26 Nov 2020

Stop Being Ignorant and Stupid

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Ignorant and stupid is normal for many peopleDo you enjoy being ignorant and stupid? Or would you prefer to be intelligent and knowledgeable? Which condition is better for decision making and a long life?

About 10 years ago, I enrolled in Phoenix University, and one the first class on the schedule was about plagiarism and citations. The second class was all about rhetoric and logical fallacies, and the third class described critical thinking. As I was working my way through the check sheets, I realized these were the most valuable classes I had ever taken.

Do they teach these classes anymore? Because from what I can see from looking around at what many seem to believe and talk about, the general public doesn’t have a clue.

Ignorant and Stupid

Let’s take the following conversation.

“GMOs are terrible and Monsanto is evil.”

“Okay, why do you say that?”

“Isn’t it obvious? GMOs are man-made, and that’s evil.”

“Gotcha. Why do you believe that?”

“Are you stupid? They’re modifying genes for their corporate greed.”

“Oh, I see. What is the evidence?”

“Evidence? What are you, one of the 1%?”

“That’s irrelevant. What evidence do you have that GMOs are bad or have deleterious effects?”

At this point, they will either:

  1. Walk away muttering about how stupid I am,
  2. Point me to some website that turns out to be a political action site which also produces no evidence to support their claims, or
  3. They’ll tell me about some anecdotal evidence they heard from somewhere or other.

“My friend Terry got sick after eating GMO corn.”

“Oh, I see. How do you know it was the corn?”

“Of course it was the corn, stupid. She got sick right afterwards.”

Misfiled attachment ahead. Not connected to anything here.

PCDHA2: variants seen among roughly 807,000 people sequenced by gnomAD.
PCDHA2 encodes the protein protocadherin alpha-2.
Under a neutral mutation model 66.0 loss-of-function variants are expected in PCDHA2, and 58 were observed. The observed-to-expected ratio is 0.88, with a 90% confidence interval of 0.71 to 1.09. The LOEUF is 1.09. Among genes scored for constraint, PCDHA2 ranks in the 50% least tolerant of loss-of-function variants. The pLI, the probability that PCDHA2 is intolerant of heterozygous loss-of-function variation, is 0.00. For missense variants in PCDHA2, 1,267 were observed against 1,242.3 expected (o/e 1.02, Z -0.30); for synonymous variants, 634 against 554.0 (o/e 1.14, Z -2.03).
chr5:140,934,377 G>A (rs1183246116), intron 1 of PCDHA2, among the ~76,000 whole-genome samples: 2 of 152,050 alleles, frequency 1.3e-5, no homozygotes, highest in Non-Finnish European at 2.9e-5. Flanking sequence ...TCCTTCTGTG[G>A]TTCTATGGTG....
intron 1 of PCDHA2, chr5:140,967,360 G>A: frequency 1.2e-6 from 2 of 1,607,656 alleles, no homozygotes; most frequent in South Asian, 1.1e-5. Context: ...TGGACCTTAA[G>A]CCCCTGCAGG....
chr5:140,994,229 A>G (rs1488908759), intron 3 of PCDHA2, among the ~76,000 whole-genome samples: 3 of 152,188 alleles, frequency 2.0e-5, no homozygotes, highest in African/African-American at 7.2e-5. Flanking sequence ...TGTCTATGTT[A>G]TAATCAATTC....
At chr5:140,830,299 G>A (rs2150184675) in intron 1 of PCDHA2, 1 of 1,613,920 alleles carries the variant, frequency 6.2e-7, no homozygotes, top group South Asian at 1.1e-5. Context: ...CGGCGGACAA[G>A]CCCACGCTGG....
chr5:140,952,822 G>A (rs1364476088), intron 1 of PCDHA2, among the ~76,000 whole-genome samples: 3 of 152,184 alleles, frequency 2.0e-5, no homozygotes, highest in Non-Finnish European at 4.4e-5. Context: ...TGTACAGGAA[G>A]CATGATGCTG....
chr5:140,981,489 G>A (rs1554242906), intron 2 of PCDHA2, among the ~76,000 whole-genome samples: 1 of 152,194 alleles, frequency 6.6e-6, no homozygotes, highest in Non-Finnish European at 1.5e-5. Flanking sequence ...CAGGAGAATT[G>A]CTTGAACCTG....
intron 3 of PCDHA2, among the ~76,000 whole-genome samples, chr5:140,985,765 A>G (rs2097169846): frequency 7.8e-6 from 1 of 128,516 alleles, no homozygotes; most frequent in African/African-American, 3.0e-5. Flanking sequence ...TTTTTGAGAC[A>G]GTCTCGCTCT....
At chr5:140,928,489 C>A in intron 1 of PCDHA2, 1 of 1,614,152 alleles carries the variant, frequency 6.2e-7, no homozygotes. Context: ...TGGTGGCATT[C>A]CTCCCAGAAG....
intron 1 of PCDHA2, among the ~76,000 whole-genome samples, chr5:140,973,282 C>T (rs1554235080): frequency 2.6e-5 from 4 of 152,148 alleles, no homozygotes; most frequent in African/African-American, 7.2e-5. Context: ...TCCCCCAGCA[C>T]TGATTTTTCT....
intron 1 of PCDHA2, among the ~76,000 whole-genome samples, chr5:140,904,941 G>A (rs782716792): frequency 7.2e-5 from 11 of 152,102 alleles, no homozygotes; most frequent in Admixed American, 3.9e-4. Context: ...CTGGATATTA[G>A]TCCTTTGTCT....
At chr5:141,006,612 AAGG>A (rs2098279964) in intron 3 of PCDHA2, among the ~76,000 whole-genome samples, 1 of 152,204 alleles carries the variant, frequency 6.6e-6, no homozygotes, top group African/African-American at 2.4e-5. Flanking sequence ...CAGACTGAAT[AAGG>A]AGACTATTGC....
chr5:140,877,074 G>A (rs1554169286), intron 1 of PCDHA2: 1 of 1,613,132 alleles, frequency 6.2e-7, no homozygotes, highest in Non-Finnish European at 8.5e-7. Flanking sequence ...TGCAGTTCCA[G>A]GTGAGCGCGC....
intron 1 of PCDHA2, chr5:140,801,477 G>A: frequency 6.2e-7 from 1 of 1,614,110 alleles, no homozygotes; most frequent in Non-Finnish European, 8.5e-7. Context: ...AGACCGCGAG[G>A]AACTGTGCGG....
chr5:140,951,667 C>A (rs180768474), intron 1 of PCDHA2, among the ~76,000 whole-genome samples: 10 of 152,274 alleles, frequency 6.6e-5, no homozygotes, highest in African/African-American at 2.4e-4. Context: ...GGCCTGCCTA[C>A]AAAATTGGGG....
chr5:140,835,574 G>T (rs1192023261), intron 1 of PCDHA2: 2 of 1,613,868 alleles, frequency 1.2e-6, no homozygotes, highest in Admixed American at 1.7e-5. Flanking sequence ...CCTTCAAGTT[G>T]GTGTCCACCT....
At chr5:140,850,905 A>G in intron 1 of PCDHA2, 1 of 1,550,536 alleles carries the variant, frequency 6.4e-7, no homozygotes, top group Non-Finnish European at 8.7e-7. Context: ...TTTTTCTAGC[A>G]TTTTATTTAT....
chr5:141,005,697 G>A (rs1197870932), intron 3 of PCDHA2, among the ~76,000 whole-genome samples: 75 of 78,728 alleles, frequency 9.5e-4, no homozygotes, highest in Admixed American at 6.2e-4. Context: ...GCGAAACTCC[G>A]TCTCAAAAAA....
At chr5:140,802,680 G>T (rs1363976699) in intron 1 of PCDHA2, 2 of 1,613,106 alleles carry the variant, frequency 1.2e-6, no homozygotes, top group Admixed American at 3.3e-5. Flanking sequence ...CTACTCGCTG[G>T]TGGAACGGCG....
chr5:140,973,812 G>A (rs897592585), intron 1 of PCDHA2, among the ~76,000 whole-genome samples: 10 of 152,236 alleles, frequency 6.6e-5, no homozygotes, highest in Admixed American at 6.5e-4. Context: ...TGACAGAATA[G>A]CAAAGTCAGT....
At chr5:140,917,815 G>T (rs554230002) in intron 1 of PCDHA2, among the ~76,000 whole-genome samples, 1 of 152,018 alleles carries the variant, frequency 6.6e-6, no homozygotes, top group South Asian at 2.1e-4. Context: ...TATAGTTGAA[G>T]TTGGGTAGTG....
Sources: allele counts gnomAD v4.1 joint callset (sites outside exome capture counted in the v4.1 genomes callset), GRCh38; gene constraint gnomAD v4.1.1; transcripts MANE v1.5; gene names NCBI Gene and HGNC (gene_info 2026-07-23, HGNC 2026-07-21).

You’ll get the exact same argument from anti-vaccine people.

“Vaccines need to be banned because they make people sick.”

“Really? What evidence do you have to support that claim?”

“I read it on a website,” they might respond. When I check the website, what I always find is anecdotal evidence, meaning “someone said or experienced.”

“Oh really? Well, that’s interesting. Why do you think vaccines make people sick.”

“I don’t think they make people sick,” they respond. “They DO make people sick. It’s a proven fact.”

They reference me to Jenny McCarthy, an actress and Playboy bunny, and a number of other “experts”. Why anyone would listen to any actress or actor about any technical subject (unless they have an educated background in that area) is beyond me. They are entertainers, not medical experts, and generally ignorant on the subject on which they profess to be experts.

By now, I just sigh and let the argument stop. Their arguments are just ignorant and stupid.

Base Your Opinions On Factual Evidence

The problem with these kinds of arguments is they are not based on facts, logic or reason. Instead, they are making conclusions based on emotions (usually fear) and little more than gossip.

This is not to say vaccines are good or bad or anything in between, or that GMOs are good for humanity or bad for people.

What I’m saying is that in order to be taken seriously by more than a fringe element of society, you need to base your statements on facts. What is a fact? Well, here’s a great little video, made for children, that explains it in simple terms.

Facts are Objectively Provable

A fact is something provable. An opinion is not provable. Opinions are great and wonderful. We all have them But it’s generally ignorant and unwise to base decisions on opinions. It’s better to base them on facts.

So how do you find out the truth?

You use critical thinking.

 

And you use credible sources.

 

And finally, check for logical fallacies.

 

So do you want to be more intelligent and knowledgeable? Great! Before accepting something you read on the internet, use the above tools to ensure you are not being down the garden path of being ignorant and stupid.

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sahil tbgt

nice blog post with some amazing videos

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